7. Cut a bunch of Krystal Flash (as much as you like) and tie it in on top of the hook (which was the bottom in the previous steps) and in front of the eyes. The flash should extend beyond the tips of the hair bunch you already tied in. Trim the butts so they do not extend passed the hook eye.
8. Prepare another bunch of dark bucktail (brown, olive, etc) as you did for the first wing.
9. Tie this new bunch in on top of the flash and in front of the eyes and put in a half-hitch. Again, extend the butts at least to the hook eye. The tips of this bunch should extend beyond the tips of the first bunch.
10. Trim the butts of this top wing, tapering them to the eye as you did with the bottom wing.
11. Grab you bobbin again and begin wrapping the head to completely cover all the butts in front of the eyes and to form a neatly tapered head.
12. Whip finish the head and apply cement to the entire head.
13. Optional: give the head and eyes a coating of epoxy.

Random thoughts and ideas:
1. Clouser Origin. According to almost all accounts, the fly was originated by Bob Clouser, Pennsylvania fly shop owner and guide on the Susquehanna River, around 1984. It was apparently designed as a smallmouth fly.
2. The barbell eyes (also referred to as dumbell or hourglass eyes) are the real key to the uniqueness of the fly. Tom Schmucker of Wapsi fly Company, Mountain Home Arkansas, is widely known to be the guy that first came up with the idea and the first to put it on the market in the early 1980s.
3. Although originally developed as a smallmouth bass fly, it wasn't long before it became known as a saltwater fly. In fact, until recently. if you were looking to buy a clouser from a mail order outfitter or a fly shop, you had better look in the saltwater selections and you could expect to find it tied only on stainless steel saltwater hooks. That is changing and you now find it offered tied on standard bronzed hooks and in sizes for trout and other freshwater game fishes.
4. Hooks: You can tie a Clouser on just about any type hook but the standard type hook used has a round eye, short stiff shank and a round bend in stainless or bronzed steel. Don't let not having the standard hook keep you from tying up a Clouser - use what you have and it will work just fine.
5. If you have to settle on one color pattern, make it a chartreuse over white -- it's a classic.
6. Materials. While bucktail is the usual material for Clousers you won't be wrong with any material, artificial or natural. It just needs to be long fibers.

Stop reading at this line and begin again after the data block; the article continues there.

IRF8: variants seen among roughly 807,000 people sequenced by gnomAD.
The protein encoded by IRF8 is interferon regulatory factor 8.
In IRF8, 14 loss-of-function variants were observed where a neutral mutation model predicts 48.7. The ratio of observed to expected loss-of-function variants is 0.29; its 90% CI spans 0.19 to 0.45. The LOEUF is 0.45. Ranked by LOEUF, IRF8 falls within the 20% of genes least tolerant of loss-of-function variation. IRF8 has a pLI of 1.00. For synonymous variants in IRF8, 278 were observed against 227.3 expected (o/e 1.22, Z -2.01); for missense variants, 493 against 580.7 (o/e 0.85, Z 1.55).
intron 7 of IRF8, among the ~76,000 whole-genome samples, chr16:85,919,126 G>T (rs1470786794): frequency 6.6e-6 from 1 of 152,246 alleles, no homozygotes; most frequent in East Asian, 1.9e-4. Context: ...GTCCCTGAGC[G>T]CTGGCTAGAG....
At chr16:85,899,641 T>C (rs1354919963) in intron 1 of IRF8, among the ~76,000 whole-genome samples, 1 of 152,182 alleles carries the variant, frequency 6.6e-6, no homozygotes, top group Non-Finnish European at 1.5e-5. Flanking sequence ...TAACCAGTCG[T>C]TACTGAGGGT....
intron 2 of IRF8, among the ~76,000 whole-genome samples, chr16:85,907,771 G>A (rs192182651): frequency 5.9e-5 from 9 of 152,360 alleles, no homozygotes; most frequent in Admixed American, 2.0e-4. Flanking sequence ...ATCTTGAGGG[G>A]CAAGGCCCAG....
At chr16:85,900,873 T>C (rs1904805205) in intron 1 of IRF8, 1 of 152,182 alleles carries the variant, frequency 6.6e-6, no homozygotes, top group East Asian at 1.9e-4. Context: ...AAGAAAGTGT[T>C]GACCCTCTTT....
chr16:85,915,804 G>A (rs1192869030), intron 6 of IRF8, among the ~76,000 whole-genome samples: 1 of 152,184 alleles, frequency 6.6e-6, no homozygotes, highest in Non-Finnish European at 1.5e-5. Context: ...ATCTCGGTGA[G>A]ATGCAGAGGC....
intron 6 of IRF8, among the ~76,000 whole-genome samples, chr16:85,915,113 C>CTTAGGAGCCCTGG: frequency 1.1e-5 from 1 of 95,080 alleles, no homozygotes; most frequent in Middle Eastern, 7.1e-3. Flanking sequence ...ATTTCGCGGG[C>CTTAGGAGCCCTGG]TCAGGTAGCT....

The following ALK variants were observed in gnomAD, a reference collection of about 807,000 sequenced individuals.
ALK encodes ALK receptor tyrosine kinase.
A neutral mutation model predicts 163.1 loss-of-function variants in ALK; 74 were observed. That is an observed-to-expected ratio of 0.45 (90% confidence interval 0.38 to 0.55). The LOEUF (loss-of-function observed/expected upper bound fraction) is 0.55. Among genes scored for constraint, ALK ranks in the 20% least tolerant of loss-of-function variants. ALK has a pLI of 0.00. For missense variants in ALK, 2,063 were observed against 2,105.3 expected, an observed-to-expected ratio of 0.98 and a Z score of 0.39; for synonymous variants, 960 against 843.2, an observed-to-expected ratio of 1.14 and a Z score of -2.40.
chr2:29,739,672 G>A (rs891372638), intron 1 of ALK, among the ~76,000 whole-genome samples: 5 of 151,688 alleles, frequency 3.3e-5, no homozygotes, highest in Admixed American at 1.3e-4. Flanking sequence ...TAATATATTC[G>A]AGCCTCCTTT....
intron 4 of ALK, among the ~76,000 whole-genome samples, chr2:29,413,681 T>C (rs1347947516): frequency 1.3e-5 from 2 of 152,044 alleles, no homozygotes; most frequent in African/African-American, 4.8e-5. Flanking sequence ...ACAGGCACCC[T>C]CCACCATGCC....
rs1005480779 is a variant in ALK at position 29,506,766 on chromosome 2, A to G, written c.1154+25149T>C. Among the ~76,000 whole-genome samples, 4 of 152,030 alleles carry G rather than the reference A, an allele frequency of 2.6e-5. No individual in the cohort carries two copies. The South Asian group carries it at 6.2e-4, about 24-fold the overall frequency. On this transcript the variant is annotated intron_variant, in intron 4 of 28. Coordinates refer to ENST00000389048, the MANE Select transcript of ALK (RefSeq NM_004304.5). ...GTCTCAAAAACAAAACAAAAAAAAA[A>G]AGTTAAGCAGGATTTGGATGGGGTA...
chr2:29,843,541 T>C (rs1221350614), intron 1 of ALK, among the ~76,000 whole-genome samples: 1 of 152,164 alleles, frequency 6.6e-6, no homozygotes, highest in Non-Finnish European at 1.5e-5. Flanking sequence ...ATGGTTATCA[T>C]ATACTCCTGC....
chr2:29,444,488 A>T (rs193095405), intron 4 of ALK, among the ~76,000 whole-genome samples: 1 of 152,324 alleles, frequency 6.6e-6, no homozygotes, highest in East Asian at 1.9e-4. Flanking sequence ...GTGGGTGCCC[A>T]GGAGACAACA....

7. Here's an interesting variation by Bill Bell (bbell) which has some pretty good logic behind it: "Many years ago, I started tying the clouser without the bottom wing because it tended to wrap around the hook every dozen or so casts. You can actually tie a layered top wing if you want the dark/light contrast, but I'm lazy and usually just tie in a single color. Something to think about if you've ever experienced the fouling issue, and it eliminates a step in the tying process and makes a simple pattern even easier..."

Here's an interesting opposing view on the evolution of the Clouser Minnow. This taken from a post at Fly Anglers On Line website.

Re: How about a little "clouser" history lesson?
Posted: Sep 2, 2007 3:01 pm

In the '40's in order to add weight to the classic and ever popular bucktail streamers, Joseph Bates added bead chain eyes. He stated that the "new" streamer didn't deserve a "new" name or to be named after him, as he had only added bead chain. (Check out Bates' large streamer book... it holds up well even today!)

In the mid-1980's, like Bates before him, Tom Schmucker of Wapsi, saw the need for an even heavier means of weighting that "classic bead chain streamer", and Tom designed, manufactured, and sold small lead dumb bell eyes to be used in the place of the bead chain on the every popular, small bucktail streamers.

These small lead eyes sold like crazy and soon every tyer in the country, or at least every FFF tyer that attended the Southern Council Conclave in Mountain Home, AR, where the dumbbell eyes were exhibited and sold, quickly adapted the new lead dumbbell eyes and our boxes filled with these new heavier and more effective "Bucktail Streamers".

About 18 -24 months, or so later, Fly Fisherman magazine came out with an article by Lefty Kreh, in which Lefty described the so called "Clouser Minnow"... named after Lefty's long time close friend and well known guide, Bob Clouser.